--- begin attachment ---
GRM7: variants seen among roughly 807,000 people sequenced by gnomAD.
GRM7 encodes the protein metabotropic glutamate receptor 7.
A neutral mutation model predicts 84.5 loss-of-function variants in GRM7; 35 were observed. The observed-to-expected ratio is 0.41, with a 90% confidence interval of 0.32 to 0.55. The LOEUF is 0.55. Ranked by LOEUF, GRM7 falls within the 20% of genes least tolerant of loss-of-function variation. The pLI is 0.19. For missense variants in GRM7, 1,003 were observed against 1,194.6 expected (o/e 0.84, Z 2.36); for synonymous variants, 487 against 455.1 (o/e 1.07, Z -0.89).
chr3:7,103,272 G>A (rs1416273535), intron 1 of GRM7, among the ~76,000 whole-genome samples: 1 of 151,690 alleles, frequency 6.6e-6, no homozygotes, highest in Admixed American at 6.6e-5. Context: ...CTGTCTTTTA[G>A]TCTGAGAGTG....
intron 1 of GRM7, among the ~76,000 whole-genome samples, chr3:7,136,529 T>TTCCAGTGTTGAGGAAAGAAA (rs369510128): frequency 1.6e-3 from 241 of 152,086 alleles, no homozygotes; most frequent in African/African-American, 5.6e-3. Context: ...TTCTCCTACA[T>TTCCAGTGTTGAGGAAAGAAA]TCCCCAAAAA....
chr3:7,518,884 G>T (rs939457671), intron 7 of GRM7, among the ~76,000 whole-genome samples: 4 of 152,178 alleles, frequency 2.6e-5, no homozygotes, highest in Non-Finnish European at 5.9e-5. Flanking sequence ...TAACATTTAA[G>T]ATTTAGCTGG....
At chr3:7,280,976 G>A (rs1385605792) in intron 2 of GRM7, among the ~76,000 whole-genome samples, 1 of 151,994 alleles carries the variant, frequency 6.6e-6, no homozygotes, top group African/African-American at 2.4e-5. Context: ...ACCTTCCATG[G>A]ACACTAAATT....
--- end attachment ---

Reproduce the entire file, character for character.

GRM7: variants seen among roughly 807,000 people sequenced by gnomAD.
GRM7 encodes the protein metabotropic glutamate receptor 7.
A neutral mutation model predicts 84.5 loss-of-function variants in GRM7; 35 were observed. The observed-to-expected ratio is 0.41, with a 90% confidence interval of 0.32 to 0.55. The LOEUF is 0.55. Ranked by LOEUF, GRM7 falls within the 20% of genes least tolerant of loss-of-function variation. The pLI is 0.19. For missense variants in GRM7, 1,003 were observed against 1,194.6 expected (o/e 0.84, Z 2.36); for synonymous variants, 487 against 455.1 (o/e 1.07, Z -0.89).
chr3:7,103,272 G>A (rs1416273535), intron 1 of GRM7, among the ~76,000 whole-genome samples: 1 of 151,690 alleles, frequency 6.6e-6, no homozygotes, highest in Admixed American at 6.6e-5. Context: ...CTGTCTTTTA[G>A]TCTGAGAGTG....
intron 1 of GRM7, among the ~76,000 whole-genome samples, chr3:7,136,529 T>TTCCAGTGTTGAGGAAAGAAA (rs369510128): frequency 1.6e-3 from 241 of 152,086 alleles, no homozygotes; most frequent in African/African-American, 5.6e-3. Context: ...TTCTCCTACA[T>TTCCAGTGTTGAGGAAAGAAA]TCCCCAAAAA....
chr3:7,518,884 G>T (rs939457671), intron 7 of GRM7, among the ~76,000 whole-genome samples: 4 of 152,178 alleles, frequency 2.6e-5, no homozygotes, highest in Non-Finnish European at 5.9e-5. Flanking sequence ...TAACATTTAA[G>T]ATTTAGCTGG....
At chr3:7,280,976 G>A (rs1385605792) in intron 2 of GRM7, among the ~76,000 whole-genome samples, 1 of 151,994 alleles carries the variant, frequency 6.6e-6, no homozygotes, top group African/African-American at 2.4e-5. Context: ...ACCTTCCATG[G>A]ACACTAAATT....